Wednesday, October 23, 2013

Research, reporting shows teachers need training and investment

Bridge Magazine put together an excellent package on teacher training and turnover in Michigan.  The takeaway is somewhat unsurprising: teachers get better with training and experience.  However, this intuitive principle, backed up by Bridge Magazine's research and reporting, is at odds with the direction of Michigan education policy which increasingly focuses on evaluating teachers based on standardized tests, and on funneling kids into charter and cyber schools which have the least experienced and least trained teachers.

The problem of teacher turnover is well documented.  Many teachers are leaving the profession before they have time to get good at their jobs:
An estimated 10 percent leave the profession in their first year; between 30 and 40 percent flee the classroom within four years, about the time it takes for teachers to attain a journeyman level of skill at their job. ... That data indicates that about one in eight teachers have less than five years’ experience in their school. There are almost as many teachers with one year or less experience in their current school as teachers with more than 20 years’ experience.
“There’s fairly substantial empirical evidence that you need to get teachers past those first five years for them to be as effective as they can be,” Ronfeldt said. “They leave before they get their feet under them. My sense is that teaching is less a lifetime career choice than it used to be.” [Michigan classrooms loaded with rookie teachers who soon wash out, Bridge Magazine, October 14, 2013.]
There are some obvious causes for this common to any job.  Teaching is not easy, and it can be stressful.  But, to some extent, this is a self-inflicted wound we are causing by our treatment of teachers.
Meanwhile, teachers are bombarded with negative stereotypes, from “those who can, do, and those who can’t, teach,” to being the scapegoats for low student achievement, even though studies show that poverty and home life have a bigger impact.
“Even if you put a very prepared teacher in a classroom,” said Avner Segall, acting chair of teacher education at MSU, “if everything around them says that society does not value them, they will leave.” [Id.]
This point is very clearly illustrated by Bridge Magazine's profile of a pair of teachers who have taught in Michigan and in Ontario.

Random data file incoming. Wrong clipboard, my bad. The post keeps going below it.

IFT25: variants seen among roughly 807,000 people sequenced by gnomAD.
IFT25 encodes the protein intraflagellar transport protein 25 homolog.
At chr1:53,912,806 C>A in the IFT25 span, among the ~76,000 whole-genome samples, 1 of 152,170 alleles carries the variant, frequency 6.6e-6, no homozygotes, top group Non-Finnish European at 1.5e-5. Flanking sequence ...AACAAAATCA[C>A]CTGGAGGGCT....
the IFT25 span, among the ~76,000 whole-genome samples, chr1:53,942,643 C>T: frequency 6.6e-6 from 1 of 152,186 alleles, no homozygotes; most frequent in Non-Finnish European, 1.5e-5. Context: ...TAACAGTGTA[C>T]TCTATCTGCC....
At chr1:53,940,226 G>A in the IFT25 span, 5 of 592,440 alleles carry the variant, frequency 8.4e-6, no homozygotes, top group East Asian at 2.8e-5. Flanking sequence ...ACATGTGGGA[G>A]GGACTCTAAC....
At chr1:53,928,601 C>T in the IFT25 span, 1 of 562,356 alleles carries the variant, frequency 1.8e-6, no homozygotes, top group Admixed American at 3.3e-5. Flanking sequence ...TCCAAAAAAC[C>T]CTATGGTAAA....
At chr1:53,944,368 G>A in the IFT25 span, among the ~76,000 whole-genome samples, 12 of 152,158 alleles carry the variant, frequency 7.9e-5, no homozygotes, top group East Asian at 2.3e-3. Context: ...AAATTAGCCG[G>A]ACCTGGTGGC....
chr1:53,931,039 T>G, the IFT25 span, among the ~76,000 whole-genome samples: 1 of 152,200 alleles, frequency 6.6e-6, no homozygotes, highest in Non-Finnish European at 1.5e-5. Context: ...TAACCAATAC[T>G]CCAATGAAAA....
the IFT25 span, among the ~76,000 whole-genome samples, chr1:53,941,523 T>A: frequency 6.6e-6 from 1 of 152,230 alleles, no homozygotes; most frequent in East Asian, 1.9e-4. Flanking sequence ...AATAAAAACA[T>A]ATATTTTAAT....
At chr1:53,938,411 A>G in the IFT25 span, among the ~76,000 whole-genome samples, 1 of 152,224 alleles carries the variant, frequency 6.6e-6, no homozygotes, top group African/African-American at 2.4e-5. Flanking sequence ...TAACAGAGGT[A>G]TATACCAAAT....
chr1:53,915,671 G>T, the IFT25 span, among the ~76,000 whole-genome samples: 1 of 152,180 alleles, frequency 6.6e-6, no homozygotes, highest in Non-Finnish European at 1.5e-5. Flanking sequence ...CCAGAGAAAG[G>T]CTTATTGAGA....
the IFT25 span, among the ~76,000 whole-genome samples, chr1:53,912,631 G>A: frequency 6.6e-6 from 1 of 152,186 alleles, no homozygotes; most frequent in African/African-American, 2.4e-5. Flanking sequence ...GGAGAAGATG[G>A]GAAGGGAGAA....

Eric and Kristen Wideen are among a small number of teachers who’ve led classrooms on both sides of the Ambassador Bridge, and the differences run far deeper than the Detroit River.
After one year, 17 percent of new teachers in the United States leave the profession; In Ontario, annual attrition is 2 percent.
“People (in the U.S.) would say to me, ‘Oh, you’re just a glorified babysitter,’ or “Oh, you just want summers off,’” Eric Wideen recalled.
It’s a sentiment that Eric and Kristen discovered stops at the Ambassador Bridge, even though teachers are just as unionized and more highly paid in Ontario.
“The reason we do so well, the key for all high-performing countries, is high regard for teachers,” said Howitt. “My impression is that it’s much more punitive in the U.S.” [Teaching in Windsor: A few miles away, a world apart, Bridge Magazine, October 19, 2013.]
But the differences are more than just cultural.  In Canada, like in other countries with successful K-12 education, teaching is treated as a top profession. 
“Teaching programs [in Canada] are hard to get in to,” Kennedy said, a contrast to Michigan, where students can enter some education programs with a high school GPA below 3.0.
Tucker is editor of a book comparing the world’s education systems, “Surpassing Shanghai: An Agenda for American Education Built on the World’s Leading Systems.”
“The countries we’ve studied are the top 10 performers in the PISA rankings,” Tucker said. “In many of these countries, by design, it is now as hard to get into teaching as it is to get into the high-status professions, making teaching high status.
“In virtually all of these countries, they’re recruiting teachers from the top quarter of their high school classes,” Tucker said. In Korea, it’s the top 5 percent; in Finland, 10 percent.”
And the United States?
“Most observers agree we recruit teachers from the bottom third of high school graduates,” Tucker said. [Id.]
This trend continues through teacher training where programs are more competitive and rigorous in Canada to professional development.  Other countries are simply putting more value on teachers, and they are getting better results. 

However, Michigan education policy is moving in the opposite direction of countries which have better systems.  Rather than placing more value on teachers and increasing investments and training, Michigan is moving to toward a punitive "merit pay" system against the advice of a blue ribbon panel appointed by the Governor and leaders of the House and Senate. Dissecting the idea of "merit pay" for teachers, Okemos Parents for Schools, October 11, 2013.  Michigan is also rapidly expanding charter and cyber schools as we have written about extensively, See Online schools rapidly expanding, spending tax dollars on marketing, Okemos Parents for Schools, July 26, 2013; What are "charter schools?", Okemos Parents for Schools, June 28, 2013. Consider how Okemos stacks up with a local charter school in terms of teacher experience:

The lesson from Bridge Magazine's reporting is clear: we need to stop blaming teachers, and start helping teachers.

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